By Great Ormond Street Hospital
Ahmed was an active little boy who enjoyed playing football, taking the centre forward position in his school football team. At the beginning of 2012, Ahmed started to feel more tired than usual, and found he was having difficulty moving and keeping his energy up. He developed a fever and swollen tonsils, and was eventually taken to his local hospital in Kuwait. At first, doctors thought he might have an underactive thyroid, but further tests revealed the devastating news that he had leukaemia. A low dose of chemotherapy was immediately started while Ahmed waited for arrangements to be made for his transfer to Great Ormond Street Hospital (GOSH).
Great Ormond Street Hospital, one of the world’s leading centres for treating sick children in London, is recognised as one of the few truly world-class hospitals for children. As a global leader, GOSH has top clinical and research experts working every day to find new and better ways to treat children. While breakthroughs and medical expertise are essential to the treatment of patients, GOSH also places great emphasis on the support and care provided for children by nurturing an open and supportive atmosphere, ensuring that both parents and patients are well-informed and closely involved in the treatment process. Children receive the highest standards of care and attention from the expert team of medical and support staff during their stay at GOSH and are always treated with respect, trust, concern and openness.
Ahmed arrived at GOSH as a brave young boy facing a difficult journey ahead of him. He started chemotherapy again straight away, but unfortunately subsequent tests showed that the cancer was resistant to the treatment and therefore the disease was not abating. The decision was taken for Ahmed to undergo a bone marrow transplant, which would mean finding a suitable donor who could provide matching healthy bone marrow stem cells to replace Ahmed’s damaged bone marrow. Luckily, a suitable match was found quickly and Ahmed started treatment in July. The treatment consisted of high dose chemotherapy drugs which wiped out the functioning bone marrow, including the blood stem cells within the bone marrow, in order to eradicate the underlying disease. The donor’s bone marrow was then transplanted into Ahmed, replacing all his unhealthy cells with healthy cells.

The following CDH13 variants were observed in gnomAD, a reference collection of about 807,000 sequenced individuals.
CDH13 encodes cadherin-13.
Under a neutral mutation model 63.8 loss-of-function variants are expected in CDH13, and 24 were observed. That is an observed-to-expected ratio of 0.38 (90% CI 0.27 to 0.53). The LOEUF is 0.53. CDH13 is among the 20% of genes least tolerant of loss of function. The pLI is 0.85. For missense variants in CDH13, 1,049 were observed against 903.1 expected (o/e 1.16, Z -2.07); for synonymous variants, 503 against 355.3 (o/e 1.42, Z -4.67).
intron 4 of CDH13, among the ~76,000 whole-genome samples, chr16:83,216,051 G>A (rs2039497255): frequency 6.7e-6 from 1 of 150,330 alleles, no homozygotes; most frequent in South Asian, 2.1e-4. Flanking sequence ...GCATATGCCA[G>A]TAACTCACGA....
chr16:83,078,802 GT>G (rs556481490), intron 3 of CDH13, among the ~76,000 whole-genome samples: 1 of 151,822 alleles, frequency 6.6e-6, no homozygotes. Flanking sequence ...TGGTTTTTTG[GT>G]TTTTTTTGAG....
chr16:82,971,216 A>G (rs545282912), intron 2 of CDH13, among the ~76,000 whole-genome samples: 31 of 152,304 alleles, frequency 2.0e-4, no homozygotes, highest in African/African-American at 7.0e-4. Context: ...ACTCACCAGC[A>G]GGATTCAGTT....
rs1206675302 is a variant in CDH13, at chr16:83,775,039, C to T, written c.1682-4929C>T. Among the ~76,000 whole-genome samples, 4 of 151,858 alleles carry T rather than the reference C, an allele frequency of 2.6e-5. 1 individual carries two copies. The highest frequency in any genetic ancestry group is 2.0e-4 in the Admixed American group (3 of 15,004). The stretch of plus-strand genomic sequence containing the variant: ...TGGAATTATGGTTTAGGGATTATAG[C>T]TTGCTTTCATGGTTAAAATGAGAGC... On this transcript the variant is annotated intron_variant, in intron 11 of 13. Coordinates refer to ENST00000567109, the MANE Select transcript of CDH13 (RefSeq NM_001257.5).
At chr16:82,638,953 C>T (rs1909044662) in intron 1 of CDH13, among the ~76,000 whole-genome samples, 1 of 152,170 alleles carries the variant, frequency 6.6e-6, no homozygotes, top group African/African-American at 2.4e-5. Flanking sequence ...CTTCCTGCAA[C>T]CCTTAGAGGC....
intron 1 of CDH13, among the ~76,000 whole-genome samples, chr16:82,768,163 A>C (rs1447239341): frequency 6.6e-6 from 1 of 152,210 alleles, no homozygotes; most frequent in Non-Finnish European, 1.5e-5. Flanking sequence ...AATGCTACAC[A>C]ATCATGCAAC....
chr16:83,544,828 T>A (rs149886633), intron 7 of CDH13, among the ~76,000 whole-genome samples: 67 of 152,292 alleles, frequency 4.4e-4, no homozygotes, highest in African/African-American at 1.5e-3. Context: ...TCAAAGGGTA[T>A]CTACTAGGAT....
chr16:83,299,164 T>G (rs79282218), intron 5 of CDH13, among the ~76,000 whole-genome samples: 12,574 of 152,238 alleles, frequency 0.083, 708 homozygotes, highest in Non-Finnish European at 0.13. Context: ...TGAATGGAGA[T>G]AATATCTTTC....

Ahmed said: “I like all the nurses and the patient advocates; they are friendly and make me laugh. Everyone’s been nice to me here, but I miss my family, especially my brother Mohammed. While he was visiting me here we used to walk down to the London Eye, and I took pictures of Big Ben. I think I will want to come back to London when I am older.
“In the hospital I’ve made friends with another boy on the ward and my nurse, Michael, who plays football with me in my hospital room. He’s helping me to train so that when I return to Kuwait, I can rejoin my school sports club and start playing football again.”
Claudia Tomlin Butterfly, Ward Manager, said: “Rehabilitation is equally as important to patients as treatment. We try to maintain normality where possible for all patients, which helps their recovery and keeps them in touch with activities they like doing. In Ahmed’s case, he loved football, so it was important that Ahmed was able to kick and play around with a ball on the ward. He would never have been allowed to play football outside as it would have meant mixing with too many members of the public and would have put Ahmed at risk of catching an infection.”
Ahmed is a keen footballer and is a dedicated supporter of Chelsea football club, who are the current European champions and one of the leading clubs in England and in Europe. “My favourite player at Chelsea is the number 9 central striker Fernando Torres; he scores lots of goals like me when I play back in Kuwait”.